I just finished the book Romance Languages - A Historical Introduction (RL), and want to just say, "Wow." This was a superb book, and I take great pleasure in recommending it. Specifically, for someone who likes language(s), and finds the processes that drive sound change and morphology interesting, this is an excellent read.
From the start, RL singles out five languages to base its comparative studies on, French, Italian, Portuguese, Romanian and Spanish. There are in fact other Romance languages in existence, and the distinction (or lack thereof) between a dialect and language plays a part in the discussion. But these five are chosen because they have gone on to become national languages. That being said, Romanian and Portuguese are treated sparingly through the bulk of the text, Romanian more so than Portuguese. However, each of these receives its own chapter to make up for this, owing to the distinctive historical trajectory each language takes, differentiating them from the main stream of Romance and Popular Latin. The Romanian chapter leaves quite a bit open for discussion. It also makes a number of tentative claims, which is expected since historical reconstruction is not at all clear for this language.
The Popular Latin presented in this book was given quite a bit of support, and is essential for understanding the changes that drove sound change from Latin towards the distinctive modern Romance languages. However, since much of this transmission was oral, the book is continually having to tag word forms with an asterisk, indicating that there is no direct textual evidence of the form. Obviously one should read this text and understand that there is still a lot of study in this field, with competing opinions about many of the historical changes in specific forms (and the authors are careful to make this clear).
This book is aimed at students with some linguistic study under their belt. It is not as dense as some texts I have seen that demonstrate the phonology and morphology of a language, nor is it an easy read for someone without a linguistic background. Prior study of Latin is expected (I am self-taught), and some prior study of linguistics is helpful, as it relies heavily on IPA to describe forms. I don't have as good a grasp on IPA as I would like, but I have studied many different languages and thus have covered articulation and phonetics more contextually. I found this book challenging, without being overwhelming. In fact, by the middle, I had a much better handle on IPA symbols that relate to the Romance family. Learning in context is a powerful tool, without doubt.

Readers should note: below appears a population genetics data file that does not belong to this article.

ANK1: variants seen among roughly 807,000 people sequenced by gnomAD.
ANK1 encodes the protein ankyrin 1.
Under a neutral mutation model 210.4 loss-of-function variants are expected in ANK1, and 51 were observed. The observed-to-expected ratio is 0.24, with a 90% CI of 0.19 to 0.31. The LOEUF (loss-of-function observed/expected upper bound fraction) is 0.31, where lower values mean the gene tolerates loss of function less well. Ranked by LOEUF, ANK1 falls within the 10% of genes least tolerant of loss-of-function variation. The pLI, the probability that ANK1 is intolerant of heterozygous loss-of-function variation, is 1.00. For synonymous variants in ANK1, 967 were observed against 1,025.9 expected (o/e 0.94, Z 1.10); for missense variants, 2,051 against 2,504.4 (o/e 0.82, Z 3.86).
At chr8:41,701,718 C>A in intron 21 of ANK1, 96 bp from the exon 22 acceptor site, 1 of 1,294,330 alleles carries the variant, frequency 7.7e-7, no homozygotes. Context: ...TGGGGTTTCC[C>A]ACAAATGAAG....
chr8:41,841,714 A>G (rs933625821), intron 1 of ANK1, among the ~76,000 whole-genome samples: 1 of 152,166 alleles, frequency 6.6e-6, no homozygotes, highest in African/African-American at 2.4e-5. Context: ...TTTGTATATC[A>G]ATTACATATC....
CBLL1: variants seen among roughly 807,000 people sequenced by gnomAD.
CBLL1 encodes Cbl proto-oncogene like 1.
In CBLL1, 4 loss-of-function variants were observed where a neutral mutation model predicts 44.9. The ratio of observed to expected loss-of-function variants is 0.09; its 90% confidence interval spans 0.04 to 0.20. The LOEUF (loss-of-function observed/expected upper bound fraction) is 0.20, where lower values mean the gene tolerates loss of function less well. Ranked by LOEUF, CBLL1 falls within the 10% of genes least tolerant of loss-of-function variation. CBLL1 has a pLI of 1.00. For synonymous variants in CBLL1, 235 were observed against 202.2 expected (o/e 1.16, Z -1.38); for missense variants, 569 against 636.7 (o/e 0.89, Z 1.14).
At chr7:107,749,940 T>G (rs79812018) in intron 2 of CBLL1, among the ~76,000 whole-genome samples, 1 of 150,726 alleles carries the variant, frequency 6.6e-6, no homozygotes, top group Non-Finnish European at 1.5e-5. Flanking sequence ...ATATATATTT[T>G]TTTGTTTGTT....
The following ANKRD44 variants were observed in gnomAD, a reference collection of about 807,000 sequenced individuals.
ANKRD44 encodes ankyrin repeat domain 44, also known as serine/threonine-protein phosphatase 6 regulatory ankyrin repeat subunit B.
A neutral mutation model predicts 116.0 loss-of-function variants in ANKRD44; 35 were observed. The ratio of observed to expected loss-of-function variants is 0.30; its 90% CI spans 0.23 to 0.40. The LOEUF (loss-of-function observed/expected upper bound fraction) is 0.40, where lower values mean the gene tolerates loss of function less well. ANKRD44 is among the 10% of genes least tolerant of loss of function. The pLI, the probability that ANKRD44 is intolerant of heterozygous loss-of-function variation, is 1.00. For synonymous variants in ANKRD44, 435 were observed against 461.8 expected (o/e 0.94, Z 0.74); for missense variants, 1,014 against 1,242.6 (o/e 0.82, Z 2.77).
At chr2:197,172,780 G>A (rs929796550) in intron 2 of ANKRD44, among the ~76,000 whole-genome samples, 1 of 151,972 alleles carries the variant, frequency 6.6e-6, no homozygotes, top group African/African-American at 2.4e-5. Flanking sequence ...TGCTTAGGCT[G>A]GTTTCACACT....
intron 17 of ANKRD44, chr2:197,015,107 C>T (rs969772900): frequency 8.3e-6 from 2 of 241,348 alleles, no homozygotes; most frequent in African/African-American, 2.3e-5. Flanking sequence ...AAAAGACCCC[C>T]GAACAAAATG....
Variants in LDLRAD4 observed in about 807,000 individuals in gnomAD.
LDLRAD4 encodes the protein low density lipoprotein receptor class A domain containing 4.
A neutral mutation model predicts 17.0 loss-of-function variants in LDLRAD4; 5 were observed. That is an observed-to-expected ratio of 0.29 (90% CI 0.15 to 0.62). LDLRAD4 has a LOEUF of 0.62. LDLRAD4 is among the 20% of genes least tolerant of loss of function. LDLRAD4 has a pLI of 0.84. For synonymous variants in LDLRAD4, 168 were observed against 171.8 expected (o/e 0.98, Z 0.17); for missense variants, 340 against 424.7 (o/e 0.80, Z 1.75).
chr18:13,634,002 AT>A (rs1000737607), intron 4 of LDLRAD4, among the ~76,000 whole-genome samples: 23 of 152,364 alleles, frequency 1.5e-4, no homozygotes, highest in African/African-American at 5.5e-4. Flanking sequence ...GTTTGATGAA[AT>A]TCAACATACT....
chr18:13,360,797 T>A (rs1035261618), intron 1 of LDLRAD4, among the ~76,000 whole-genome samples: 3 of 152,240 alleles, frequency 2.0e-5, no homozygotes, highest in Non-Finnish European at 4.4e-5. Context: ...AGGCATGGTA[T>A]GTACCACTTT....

As phonetic and morphological change processes are named, they are given good descriptions (and each of these terms is included in a guide near the back). This was very helpful. Not as much time is spent on terminology for articulation, and this was a little bit more problematic as it is an important concept for dealing with sound changes. However, RL tended to describe changes in terms of the processes that occurred rather than the physical articulation that allowed or promoted those changes, so the emphasis on process vocabulary makes sense.
The book is littered with practice exercises and inline questions to force grappling with the information. The end of each chapter provides additional questions that require more analysis and creative thought about the processes that have been looked at. These were excellent, and make this text more than just descriptive. However, the major failure of this book, in my mind, is there is no answer key. Other than the inline questions, no answers are provided for practice exercises or chapter-end exercises. This made the exercises interesting, but something short of what might have been hoped for.
Finally, the bibliography at the end is extensive and will allow the interested reader to delve where they will. As someone who read this on his own time (not as part of a linguistics course or program), that is very helpful.